Leaders of Minnesota’s Republican Party are denouncing harassing phone calls and emails received by Rep. Mary Franson , R-Alexandria, in the wake of a video Franson released last week in which she seemed to compare food stamp recipients to animals. Franson later apologized and the video was removed, but the controversy continues.
“Today is a sad day in Minnesota, with malicious, hate-filled attacks threatening physical violence against Rep. Franson and her three children,” said Republican Party Chairman Pat Shortridge and Deputy Chairwoman Kelly Fenton in a written statement Tuesday night. “This might be the kind of Chicago-style politics that has, unfortunately, infected too many corners of public life, but it sure isn’t the Minnesota way.”
The statement provided excerpts from from what GOP officials said were graphic calls and emails, which included insults and physical threats.
The controversy began last Friday when Franson posted a video updating her constituents on work at the Legislature. Here’s what Franson said in the video:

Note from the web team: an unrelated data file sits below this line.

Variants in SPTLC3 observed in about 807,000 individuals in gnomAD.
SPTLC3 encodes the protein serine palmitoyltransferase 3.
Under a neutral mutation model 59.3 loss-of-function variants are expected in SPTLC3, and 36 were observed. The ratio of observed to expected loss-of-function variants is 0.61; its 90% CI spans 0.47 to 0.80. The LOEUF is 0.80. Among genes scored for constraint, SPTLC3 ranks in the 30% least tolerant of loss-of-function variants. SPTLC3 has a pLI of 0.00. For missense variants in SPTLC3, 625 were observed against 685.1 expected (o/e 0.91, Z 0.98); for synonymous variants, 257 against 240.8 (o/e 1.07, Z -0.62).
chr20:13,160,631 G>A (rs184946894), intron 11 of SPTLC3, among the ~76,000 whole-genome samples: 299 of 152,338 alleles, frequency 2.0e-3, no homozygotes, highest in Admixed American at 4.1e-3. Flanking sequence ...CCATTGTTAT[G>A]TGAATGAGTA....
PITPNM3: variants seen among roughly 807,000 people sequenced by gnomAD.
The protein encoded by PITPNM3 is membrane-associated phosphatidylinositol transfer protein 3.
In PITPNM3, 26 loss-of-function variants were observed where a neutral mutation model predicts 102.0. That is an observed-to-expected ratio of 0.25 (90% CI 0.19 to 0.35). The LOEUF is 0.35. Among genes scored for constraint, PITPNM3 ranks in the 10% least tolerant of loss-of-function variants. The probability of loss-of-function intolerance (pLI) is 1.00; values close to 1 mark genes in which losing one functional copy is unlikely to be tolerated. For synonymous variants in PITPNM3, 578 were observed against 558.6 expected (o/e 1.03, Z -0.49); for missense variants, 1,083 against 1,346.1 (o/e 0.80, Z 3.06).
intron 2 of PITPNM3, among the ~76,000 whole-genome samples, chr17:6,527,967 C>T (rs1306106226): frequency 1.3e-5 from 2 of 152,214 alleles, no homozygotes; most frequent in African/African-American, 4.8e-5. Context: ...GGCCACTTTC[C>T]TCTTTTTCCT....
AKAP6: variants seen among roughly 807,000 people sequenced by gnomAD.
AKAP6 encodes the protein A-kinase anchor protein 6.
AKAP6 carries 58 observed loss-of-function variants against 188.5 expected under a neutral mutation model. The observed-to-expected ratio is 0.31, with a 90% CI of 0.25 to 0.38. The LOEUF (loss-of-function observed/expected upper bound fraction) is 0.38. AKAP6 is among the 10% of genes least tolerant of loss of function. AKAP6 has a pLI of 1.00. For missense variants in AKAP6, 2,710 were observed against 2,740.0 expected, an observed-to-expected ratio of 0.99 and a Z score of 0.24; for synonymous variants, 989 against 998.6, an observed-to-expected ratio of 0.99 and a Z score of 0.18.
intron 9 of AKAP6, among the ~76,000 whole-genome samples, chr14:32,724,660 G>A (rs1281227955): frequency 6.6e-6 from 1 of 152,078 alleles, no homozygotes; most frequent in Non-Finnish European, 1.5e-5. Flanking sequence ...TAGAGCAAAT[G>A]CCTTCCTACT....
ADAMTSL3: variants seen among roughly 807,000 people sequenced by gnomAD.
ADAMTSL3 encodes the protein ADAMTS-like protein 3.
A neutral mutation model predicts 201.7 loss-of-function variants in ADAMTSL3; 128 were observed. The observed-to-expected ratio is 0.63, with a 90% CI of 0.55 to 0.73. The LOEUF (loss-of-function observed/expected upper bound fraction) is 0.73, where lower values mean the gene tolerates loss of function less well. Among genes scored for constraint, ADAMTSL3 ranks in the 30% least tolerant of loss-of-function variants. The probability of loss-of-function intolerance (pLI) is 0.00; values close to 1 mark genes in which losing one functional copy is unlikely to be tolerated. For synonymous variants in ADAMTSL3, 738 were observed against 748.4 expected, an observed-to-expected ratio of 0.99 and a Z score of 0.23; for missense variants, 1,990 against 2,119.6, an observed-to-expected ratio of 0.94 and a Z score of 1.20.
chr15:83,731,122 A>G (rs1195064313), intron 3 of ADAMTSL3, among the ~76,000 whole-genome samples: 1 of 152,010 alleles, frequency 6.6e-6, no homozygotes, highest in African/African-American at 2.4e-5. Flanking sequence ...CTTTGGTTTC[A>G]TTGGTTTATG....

“Last week we worked on some welfare reform bills. And here, it’s kind of ironic, I’ll read you this little funny clip we got from a friend.
It says, ‘Isn’t it ironic that the food stamp program, part of the Department of Agriculture, is pleased to be distributing the greatest amount of food stamps ever? Meanwhile, the Park Service, also part of the Department of Agriculture, asks us to please not feed the animals, because the animals may grow dependent and not learn to take care of themselves.’
Our reform bills are meant to bring people up out of the clutches of poverty. We want to provide a safety net, no longer a safety hammock.’
In the video Franson mentions a bill sponsored by Rep. Kurt Daudt , R-Crown, that would reduce the amount of time a person can receive welfare benefits.
Franson’s statements in the video continue to draw criticism from liberals. The Alliance for a Better Minnesota is asking people to demand an apology on YouTube. The Welfare Rights Committee plans to rally at the State Capitol on Thursday demanding Franson’s resignation.
Meanwhile, anti-hunger groups and Gov. Dayton’s administration are working to get more eligible Minnesotans to sign up for food stamps. Right now, only about 65 percent of those eligible are on the program.